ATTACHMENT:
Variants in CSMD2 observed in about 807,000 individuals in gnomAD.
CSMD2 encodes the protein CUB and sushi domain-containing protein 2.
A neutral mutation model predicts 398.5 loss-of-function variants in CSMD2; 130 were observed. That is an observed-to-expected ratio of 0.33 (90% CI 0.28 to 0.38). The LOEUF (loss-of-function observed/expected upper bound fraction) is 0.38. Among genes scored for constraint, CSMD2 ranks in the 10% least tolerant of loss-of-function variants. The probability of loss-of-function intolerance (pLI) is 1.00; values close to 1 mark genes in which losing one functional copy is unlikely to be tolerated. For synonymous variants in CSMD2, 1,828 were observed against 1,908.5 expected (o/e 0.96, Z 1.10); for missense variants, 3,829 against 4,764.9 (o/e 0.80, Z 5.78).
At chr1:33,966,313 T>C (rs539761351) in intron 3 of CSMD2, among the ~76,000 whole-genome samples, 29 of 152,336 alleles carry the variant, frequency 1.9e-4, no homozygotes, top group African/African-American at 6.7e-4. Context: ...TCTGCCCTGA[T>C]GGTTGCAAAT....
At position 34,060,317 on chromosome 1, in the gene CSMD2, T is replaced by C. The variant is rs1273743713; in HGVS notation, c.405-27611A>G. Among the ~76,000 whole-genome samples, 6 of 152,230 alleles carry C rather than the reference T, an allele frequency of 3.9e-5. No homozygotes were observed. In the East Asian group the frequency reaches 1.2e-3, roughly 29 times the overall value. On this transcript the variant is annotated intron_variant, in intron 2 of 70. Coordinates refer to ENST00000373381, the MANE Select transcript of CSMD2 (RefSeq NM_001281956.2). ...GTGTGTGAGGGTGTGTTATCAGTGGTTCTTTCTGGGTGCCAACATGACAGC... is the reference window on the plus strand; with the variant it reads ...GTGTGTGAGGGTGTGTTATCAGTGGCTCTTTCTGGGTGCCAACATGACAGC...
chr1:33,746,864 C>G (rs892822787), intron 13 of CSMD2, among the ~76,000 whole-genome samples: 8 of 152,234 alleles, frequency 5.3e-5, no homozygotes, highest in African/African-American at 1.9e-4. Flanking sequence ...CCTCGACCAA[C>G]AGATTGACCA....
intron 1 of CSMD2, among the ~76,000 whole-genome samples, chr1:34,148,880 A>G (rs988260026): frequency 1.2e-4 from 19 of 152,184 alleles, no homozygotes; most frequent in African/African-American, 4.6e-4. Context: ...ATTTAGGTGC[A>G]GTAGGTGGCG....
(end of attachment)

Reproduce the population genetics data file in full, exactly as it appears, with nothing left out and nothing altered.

Variants in CSMD2 observed in about 807,000 individuals in gnomAD.
CSMD2 encodes the protein CUB and sushi domain-containing protein 2.
A neutral mutation model predicts 398.5 loss-of-function variants in CSMD2; 130 were observed. That is an observed-to-expected ratio of 0.33 (90% CI 0.28 to 0.38). The LOEUF (loss-of-function observed/expected upper bound fraction) is 0.38. Among genes scored for constraint, CSMD2 ranks in the 10% least tolerant of loss-of-function variants. The probability of loss-of-function intolerance (pLI) is 1.00; values close to 1 mark genes in which losing one functional copy is unlikely to be tolerated. For synonymous variants in CSMD2, 1,828 were observed against 1,908.5 expected (o/e 0.96, Z 1.10); for missense variants, 3,829 against 4,764.9 (o/e 0.80, Z 5.78).
At chr1:33,966,313 T>C (rs539761351) in intron 3 of CSMD2, among the ~76,000 whole-genome samples, 29 of 152,336 alleles carry the variant, frequency 1.9e-4, no homozygotes, top group African/African-American at 6.7e-4. Context: ...TCTGCCCTGA[T>C]GGTTGCAAAT....
At position 34,060,317 on chromosome 1, in the gene CSMD2, T is replaced by C. The variant is rs1273743713; in HGVS notation, c.405-27611A>G. Among the ~76,000 whole-genome samples, 6 of 152,230 alleles carry C rather than the reference T, an allele frequency of 3.9e-5. No homozygotes were observed. In the East Asian group the frequency reaches 1.2e-3, roughly 29 times the overall value. On this transcript the variant is annotated intron_variant, in intron 2 of 70. Coordinates refer to ENST00000373381, the MANE Select transcript of CSMD2 (RefSeq NM_001281956.2). ...GTGTGTGAGGGTGTGTTATCAGTGGTTCTTTCTGGGTGCCAACATGACAGC... is the reference window on the plus strand; with the variant it reads ...GTGTGTGAGGGTGTGTTATCAGTGGCTCTTTCTGGGTGCCAACATGACAGC...
chr1:33,746,864 C>G (rs892822787), intron 13 of CSMD2, among the ~76,000 whole-genome samples: 8 of 152,234 alleles, frequency 5.3e-5, no homozygotes, highest in African/African-American at 1.9e-4. Flanking sequence ...CCTCGACCAA[C>G]AGATTGACCA....
intron 1 of CSMD2, among the ~76,000 whole-genome samples, chr1:34,148,880 A>G (rs988260026): frequency 1.2e-4 from 19 of 152,184 alleles, no homozygotes; most frequent in African/African-American, 4.6e-4. Context: ...ATTTAGGTGC[A>G]GTAGGTGGCG....